3.  What is the hardest part of the writing for you? 
The hardest part is what Hugh Howey calls “powering through,” just getting it down fast and returning later to edit. I can’t do that! I’m kinda o.c. and edit as I go along - or first thing next morning. That doesn’t qualify me for the 3,000 words a day club, but editing helps me get started each day, remember what I wrote yesterday. I just can’t spew a mess figuring I’ll come back to edit later. Wish I could, actually. It must be a great feeling, being able to say, “Hey, I wrote 5,000 words today.” 

4.  When and why did you first start writing? 

In third or fourth grade. People used to kid me about what a wild imagination I had, so I started putting my childish little stories on paper. 

5.  How did you come up with the idea for your book?
It started small. I’d been mulling a married couple where each is very different: the husband Paul is a scientist, a Facts and Logic guy, brilliant academically but not hugely imaginative - whereas Liddy is an artist who sees everything visually and has an intense imagination. They seem happy and complement each other: she’s colorful, he’d be borderline nerdy if he weren’t good-looking. So what could upset this perfect balance? Throw in a near tragic accident, and Liddy’s brain injury - and then, during her convalescence, her growing obsession with a young coed the media keep reporting as missing. Paul becomes troubled because of this. He’s a neuroscientist - at one point has to stifle himself from saying “Snap out of it!” Are Liddy’s feelings confusing her own near tragedy with this young girl’s disappearance where foul play is suspected?  Or is there something else that’s spiking her obsession - and with it, the growing marital tension? The story snowballed from there.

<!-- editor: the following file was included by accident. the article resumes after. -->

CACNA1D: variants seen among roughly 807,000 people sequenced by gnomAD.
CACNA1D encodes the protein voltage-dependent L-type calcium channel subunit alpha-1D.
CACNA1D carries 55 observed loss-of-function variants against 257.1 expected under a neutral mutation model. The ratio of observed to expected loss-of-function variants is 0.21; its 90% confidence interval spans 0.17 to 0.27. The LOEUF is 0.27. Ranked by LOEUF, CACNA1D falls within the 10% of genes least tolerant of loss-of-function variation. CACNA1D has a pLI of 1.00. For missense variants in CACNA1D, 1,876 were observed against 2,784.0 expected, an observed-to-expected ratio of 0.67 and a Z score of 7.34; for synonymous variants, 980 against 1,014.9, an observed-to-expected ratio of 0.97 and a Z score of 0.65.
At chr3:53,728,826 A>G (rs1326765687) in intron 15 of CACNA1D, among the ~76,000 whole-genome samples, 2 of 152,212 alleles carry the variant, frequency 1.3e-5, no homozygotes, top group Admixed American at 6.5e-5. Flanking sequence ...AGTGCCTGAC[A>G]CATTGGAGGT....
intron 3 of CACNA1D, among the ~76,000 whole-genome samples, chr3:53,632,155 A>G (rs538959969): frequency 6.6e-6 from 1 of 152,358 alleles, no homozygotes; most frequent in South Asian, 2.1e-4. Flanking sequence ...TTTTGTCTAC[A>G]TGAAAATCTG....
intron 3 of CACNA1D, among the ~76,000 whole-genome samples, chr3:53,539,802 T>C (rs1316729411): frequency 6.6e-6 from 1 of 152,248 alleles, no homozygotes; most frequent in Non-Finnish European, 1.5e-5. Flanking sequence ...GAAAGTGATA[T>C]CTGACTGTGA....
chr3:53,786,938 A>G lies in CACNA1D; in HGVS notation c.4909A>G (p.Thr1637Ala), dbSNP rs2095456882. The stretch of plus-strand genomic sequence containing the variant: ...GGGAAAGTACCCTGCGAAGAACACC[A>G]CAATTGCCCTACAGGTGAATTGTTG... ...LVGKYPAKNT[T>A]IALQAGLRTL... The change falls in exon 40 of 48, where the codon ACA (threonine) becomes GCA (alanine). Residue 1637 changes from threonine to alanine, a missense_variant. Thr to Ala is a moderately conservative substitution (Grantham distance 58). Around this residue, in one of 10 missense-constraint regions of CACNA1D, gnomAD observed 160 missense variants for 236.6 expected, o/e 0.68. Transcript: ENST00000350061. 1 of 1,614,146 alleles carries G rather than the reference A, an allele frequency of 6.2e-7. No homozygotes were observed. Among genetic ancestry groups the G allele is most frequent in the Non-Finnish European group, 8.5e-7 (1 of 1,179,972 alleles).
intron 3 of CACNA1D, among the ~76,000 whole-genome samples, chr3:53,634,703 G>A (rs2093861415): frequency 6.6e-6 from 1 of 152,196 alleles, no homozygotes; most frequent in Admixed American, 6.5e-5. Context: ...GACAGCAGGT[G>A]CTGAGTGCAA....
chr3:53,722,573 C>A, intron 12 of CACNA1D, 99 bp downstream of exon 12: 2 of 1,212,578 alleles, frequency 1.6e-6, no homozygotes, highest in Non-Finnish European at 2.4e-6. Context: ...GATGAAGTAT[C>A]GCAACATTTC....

6.  Are you a big reader? If so, what are you reading now?
I’m a passionate reader. Even after a busy day of headachy writing, I can't fall asleep without reading. Right now I’m re-reading MARATHON MAN, by William Goldman. After Agatha’s best (DEATH ON THE NILE, MURDER ON THE ORIENT EXPRESS) and the Ira Levin books, this is another classical great, and I totally love Goldman’s character Babe. I’m also reading two of Rachel Abbott’s books. She does something I love: combine psychological thrillers with police work. 

7.  Do you have any advice for other aspiring writers?
Accept that it’s hard, really the hardest thing in the world, I think. Mental heavy lifting, forcing the sluggish brain. I wish I could follow that myself but I get impatient with the process, want it done faster, sooner, better already!…and that doesn’t happen, of course. So, accept up front that there’s nothing glamorous about writing, it’s just the daily slog. In the words of Stephen King, “I just keep flailing away at the g-d thing.”